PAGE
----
Recovery & Resilience

The last time I posted I was in a dark space. It was January 2021, and there were months left of pandemic teaching ahead of me and so many others. I was clearly overwhelmed.

Today is a new day. There is reason to hope that, with the rollout of vaccines*, we can see an end to the pandemic that has kept us hidden away for so long. Difficult and important conversations related to equity, diversity, and inclusion are (still) happening among my friends and colleagues. Many are working toward un/learning and developing solutions. It is a long journey ahead, but there are more of us taking steps on it than ever before.

Personally, since submitting grades in early May, I recognize my immense privilege in being able to shift into a kind of recovery mode, giving my brain lots of time to rest and my body lots of time to move. For this I am so grateful. Even so, I’m still struggling to find focus for more than an hour or two on most days. My heart goes out to all those who have not been able to take a form of recovery break.

Some folks were ready in May to start thinking about post-pandemic teaching. I was not. It’s taken me a month to create space and perspective to just begin reflecting on my teaching over this past year, as I re-learned the core aspects of my job.

What have I learned teaching through a pandemic? Some very preliminary thoughts:

  • Students inspire me to work harder and to show up with the best self I can offer. I will drop pretty much anything else to do what I need to do for my students.
  • Time with students (e.g., in class, in office hours) is important for my own well-being and career satisfaction.
  • I can offer students an opportunity to somewhat customize their grade breakdown, while maintaining the department-required average, and it’s not too much extra work
  • I miss two-stage exams for the community and competence they build
  • Clicker-style questions on Canvas have some advantages
  • Discussion posts have potential to enhance learning, at least for some students. And once I got the hang of it, they weren’t too hard to mark (minimally) regularly. Bonus: Kept me aware of what my students were thinking and understanding (and, depending on the prompt, feeling).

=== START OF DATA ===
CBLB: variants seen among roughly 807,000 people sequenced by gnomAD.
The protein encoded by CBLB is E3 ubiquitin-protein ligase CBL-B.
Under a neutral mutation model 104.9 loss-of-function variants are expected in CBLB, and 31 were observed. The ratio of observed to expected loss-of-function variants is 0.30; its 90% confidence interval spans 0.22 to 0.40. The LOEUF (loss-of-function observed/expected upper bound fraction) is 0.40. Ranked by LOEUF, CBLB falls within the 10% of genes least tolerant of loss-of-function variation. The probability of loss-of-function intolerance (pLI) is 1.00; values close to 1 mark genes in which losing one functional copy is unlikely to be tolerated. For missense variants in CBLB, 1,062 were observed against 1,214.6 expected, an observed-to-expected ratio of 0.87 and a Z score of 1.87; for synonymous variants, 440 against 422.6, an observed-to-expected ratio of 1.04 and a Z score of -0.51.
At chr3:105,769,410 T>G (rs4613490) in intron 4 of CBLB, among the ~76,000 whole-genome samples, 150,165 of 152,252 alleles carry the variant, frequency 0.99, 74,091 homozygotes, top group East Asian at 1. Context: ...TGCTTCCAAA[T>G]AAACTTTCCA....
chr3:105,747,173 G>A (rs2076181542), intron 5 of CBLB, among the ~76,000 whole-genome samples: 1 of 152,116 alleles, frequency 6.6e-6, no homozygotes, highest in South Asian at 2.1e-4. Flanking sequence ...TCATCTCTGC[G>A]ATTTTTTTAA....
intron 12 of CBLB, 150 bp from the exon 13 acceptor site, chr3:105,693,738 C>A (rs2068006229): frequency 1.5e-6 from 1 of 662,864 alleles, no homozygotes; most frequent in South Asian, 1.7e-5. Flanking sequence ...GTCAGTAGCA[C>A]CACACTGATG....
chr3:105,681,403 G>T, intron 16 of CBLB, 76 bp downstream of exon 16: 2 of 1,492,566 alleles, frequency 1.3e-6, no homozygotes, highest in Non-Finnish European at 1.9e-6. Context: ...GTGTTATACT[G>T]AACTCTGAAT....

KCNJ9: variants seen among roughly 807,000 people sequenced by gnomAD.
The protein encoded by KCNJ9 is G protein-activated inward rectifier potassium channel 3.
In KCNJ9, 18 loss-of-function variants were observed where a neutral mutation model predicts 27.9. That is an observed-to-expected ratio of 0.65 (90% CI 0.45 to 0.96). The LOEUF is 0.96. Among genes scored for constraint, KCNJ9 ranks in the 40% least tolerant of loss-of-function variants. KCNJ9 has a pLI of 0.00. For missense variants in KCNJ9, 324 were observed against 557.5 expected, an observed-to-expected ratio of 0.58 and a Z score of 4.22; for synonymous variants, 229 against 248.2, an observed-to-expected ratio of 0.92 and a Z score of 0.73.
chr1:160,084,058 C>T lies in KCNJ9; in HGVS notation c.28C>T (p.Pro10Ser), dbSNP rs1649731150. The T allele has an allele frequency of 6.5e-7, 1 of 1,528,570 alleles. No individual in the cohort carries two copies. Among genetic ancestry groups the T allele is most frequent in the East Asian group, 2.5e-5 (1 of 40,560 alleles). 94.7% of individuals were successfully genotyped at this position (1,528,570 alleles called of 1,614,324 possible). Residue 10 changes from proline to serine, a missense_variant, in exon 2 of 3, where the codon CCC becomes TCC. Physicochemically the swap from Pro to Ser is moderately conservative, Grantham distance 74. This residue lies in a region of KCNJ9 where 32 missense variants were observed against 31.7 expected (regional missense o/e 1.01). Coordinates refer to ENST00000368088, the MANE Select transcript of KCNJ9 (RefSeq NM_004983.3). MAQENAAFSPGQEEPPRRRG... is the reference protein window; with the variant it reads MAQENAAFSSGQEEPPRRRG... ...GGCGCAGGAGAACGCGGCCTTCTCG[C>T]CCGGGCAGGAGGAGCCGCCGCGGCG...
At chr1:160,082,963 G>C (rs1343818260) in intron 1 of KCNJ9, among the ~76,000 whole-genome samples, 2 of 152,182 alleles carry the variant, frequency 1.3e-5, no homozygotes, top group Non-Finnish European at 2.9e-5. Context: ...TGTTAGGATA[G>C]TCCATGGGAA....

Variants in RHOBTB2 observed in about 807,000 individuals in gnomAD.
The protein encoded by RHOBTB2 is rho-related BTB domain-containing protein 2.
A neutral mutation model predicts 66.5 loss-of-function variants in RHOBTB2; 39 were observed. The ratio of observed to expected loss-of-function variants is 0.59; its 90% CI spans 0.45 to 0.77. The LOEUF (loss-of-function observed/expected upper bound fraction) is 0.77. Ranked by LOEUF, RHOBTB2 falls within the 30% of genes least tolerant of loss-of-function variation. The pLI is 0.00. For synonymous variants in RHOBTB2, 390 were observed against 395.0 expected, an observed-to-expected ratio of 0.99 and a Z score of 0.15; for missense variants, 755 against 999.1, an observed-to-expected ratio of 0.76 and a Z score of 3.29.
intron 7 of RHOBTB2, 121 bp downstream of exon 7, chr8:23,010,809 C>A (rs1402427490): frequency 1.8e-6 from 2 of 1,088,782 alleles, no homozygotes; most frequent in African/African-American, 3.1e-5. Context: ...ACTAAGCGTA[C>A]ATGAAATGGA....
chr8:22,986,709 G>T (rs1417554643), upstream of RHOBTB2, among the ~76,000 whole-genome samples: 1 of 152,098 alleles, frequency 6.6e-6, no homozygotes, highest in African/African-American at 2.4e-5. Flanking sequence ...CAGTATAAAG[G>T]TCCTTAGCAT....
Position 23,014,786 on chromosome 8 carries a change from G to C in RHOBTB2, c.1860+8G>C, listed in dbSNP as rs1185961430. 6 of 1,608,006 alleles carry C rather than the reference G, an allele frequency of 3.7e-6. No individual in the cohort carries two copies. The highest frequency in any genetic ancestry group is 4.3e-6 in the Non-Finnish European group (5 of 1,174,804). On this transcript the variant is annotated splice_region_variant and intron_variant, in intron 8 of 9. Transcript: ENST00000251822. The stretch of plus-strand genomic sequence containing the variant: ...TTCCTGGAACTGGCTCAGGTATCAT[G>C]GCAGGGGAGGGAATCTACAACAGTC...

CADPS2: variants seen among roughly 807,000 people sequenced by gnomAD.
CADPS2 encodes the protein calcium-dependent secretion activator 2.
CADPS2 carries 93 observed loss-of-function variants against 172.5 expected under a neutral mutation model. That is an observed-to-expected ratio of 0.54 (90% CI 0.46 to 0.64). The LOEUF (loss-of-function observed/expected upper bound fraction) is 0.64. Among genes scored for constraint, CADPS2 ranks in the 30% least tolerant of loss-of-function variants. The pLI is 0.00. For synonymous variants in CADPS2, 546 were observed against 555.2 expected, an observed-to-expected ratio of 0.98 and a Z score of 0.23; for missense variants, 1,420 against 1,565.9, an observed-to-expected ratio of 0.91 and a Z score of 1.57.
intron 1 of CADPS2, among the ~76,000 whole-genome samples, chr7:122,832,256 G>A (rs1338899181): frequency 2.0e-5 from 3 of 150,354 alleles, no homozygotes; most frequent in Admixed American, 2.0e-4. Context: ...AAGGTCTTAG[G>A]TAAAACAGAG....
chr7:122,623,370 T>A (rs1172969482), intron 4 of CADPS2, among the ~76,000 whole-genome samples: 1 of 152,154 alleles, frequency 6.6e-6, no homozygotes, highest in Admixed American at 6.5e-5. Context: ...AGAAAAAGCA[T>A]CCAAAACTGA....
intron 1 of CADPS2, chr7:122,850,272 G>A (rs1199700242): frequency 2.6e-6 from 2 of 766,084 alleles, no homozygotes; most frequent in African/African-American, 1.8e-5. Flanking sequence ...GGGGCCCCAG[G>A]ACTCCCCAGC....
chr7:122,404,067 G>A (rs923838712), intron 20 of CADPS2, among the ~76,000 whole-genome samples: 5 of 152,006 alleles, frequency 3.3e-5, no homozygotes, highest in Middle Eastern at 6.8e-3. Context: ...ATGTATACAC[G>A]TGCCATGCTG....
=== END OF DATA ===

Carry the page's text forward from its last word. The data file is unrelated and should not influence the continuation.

• Video recorded lessons help everyone (and are a little scary for me)
  • There are some advantages to online exams (e.g., question and answer randomization, auto-grading MC)
  • Now that my courses are set up in modules form, they just need updating to help keep me and students on track
  • I’d like to use verbal feedback/videos more, but I find it difficult to motivate myself to do so. Writing just comes fastest for me most of the time… but leads to a lot of words on a screen.
  • Being more flexible in deadlines is great for students and works for me… but is tough to program in Canvas and communicate
  • Group drop-in office hours on Zoom worked really well imo
  • Individual appointments, booked through Canvas and done on Zoom, worked pretty great
  • I really really really miss (and rely on) the visual feedback from my students’ faces and body language during class to know how things are going
  • Group annotation tools are fun and useful, so is a side chat panel
  • Self Determination Theory of motivation has real potential as a guide for my decision making and priorities. How can I use it more? What are the downsides?
  • [I might keep adding to this list as I think of things]

What’s coming next on the Blog

Over the coming weeks, I will be working on digesting the comments my students offered through the student experience of instruction mechanisms at my institution. I usually do this annually, and post my reflections as well as synthesized quantitative scores, but last summer I was in too much of a panic  and avalanche of work every single day to do so. So this summer, I intend to examine and compare feedback from 2019/2020 to 2020/2021. I taught the same three courses over those two periods, but under drastically different global and “classroom” circumstances. I look forward to learning from my students… even more than I did all year long.

 

*which need to spread world-wide urgently

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